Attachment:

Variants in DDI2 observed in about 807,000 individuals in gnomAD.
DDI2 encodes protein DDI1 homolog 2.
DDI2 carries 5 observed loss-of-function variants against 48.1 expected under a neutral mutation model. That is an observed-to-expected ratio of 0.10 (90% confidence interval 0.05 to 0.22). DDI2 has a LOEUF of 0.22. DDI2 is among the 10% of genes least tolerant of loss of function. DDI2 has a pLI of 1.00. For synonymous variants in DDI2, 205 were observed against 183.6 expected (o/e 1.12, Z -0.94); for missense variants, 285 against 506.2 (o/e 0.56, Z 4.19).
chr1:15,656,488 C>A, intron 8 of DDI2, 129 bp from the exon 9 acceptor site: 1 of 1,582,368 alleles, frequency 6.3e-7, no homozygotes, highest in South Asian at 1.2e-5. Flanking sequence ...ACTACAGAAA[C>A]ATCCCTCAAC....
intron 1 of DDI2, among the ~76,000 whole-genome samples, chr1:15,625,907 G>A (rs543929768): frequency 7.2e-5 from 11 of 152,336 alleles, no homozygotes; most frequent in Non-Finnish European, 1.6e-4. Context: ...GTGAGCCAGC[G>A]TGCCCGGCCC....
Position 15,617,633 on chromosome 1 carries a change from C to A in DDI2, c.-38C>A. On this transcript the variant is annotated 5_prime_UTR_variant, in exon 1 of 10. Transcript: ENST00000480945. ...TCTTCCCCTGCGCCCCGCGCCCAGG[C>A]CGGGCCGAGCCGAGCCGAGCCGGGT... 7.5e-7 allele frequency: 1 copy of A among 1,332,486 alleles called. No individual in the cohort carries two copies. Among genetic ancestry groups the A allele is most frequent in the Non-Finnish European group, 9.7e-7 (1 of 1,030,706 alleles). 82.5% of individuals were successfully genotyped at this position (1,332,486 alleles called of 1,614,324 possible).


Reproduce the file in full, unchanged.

Variants in DDI2 observed in about 807,000 individuals in gnomAD.
DDI2 encodes protein DDI1 homolog 2.
DDI2 carries 5 observed loss-of-function variants against 48.1 expected under a neutral mutation model. That is an observed-to-expected ratio of 0.10 (90% confidence interval 0.05 to 0.22). DDI2 has a LOEUF of 0.22. DDI2 is among the 10% of genes least tolerant of loss of function. DDI2 has a pLI of 1.00. For synonymous variants in DDI2, 205 were observed against 183.6 expected (o/e 1.12, Z -0.94); for missense variants, 285 against 506.2 (o/e 0.56, Z 4.19).
chr1:15,656,488 C>A, intron 8 of DDI2, 129 bp from the exon 9 acceptor site: 1 of 1,582,368 alleles, frequency 6.3e-7, no homozygotes, highest in South Asian at 1.2e-5. Flanking sequence ...ACTACAGAAA[C>A]ATCCCTCAAC....
intron 1 of DDI2, among the ~76,000 whole-genome samples, chr1:15,625,907 G>A (rs543929768): frequency 7.2e-5 from 11 of 152,336 alleles, no homozygotes; most frequent in Non-Finnish European, 1.6e-4. Context: ...GTGAGCCAGC[G>A]TGCCCGGCCC....
Position 15,617,633 on chromosome 1 carries a change from C to A in DDI2, c.-38C>A. On this transcript the variant is annotated 5_prime_UTR_variant, in exon 1 of 10. Transcript: ENST00000480945. ...TCTTCCCCTGCGCCCCGCGCCCAGG[C>A]CGGGCCGAGCCGAGCCGAGCCGGGT... 7.5e-7 allele frequency: 1 copy of A among 1,332,486 alleles called. No individual in the cohort carries two copies. Among genetic ancestry groups the A allele is most frequent in the Non-Finnish European group, 9.7e-7 (1 of 1,030,706 alleles). 82.5% of individuals were successfully genotyped at this position (1,332,486 alleles called of 1,614,324 possible).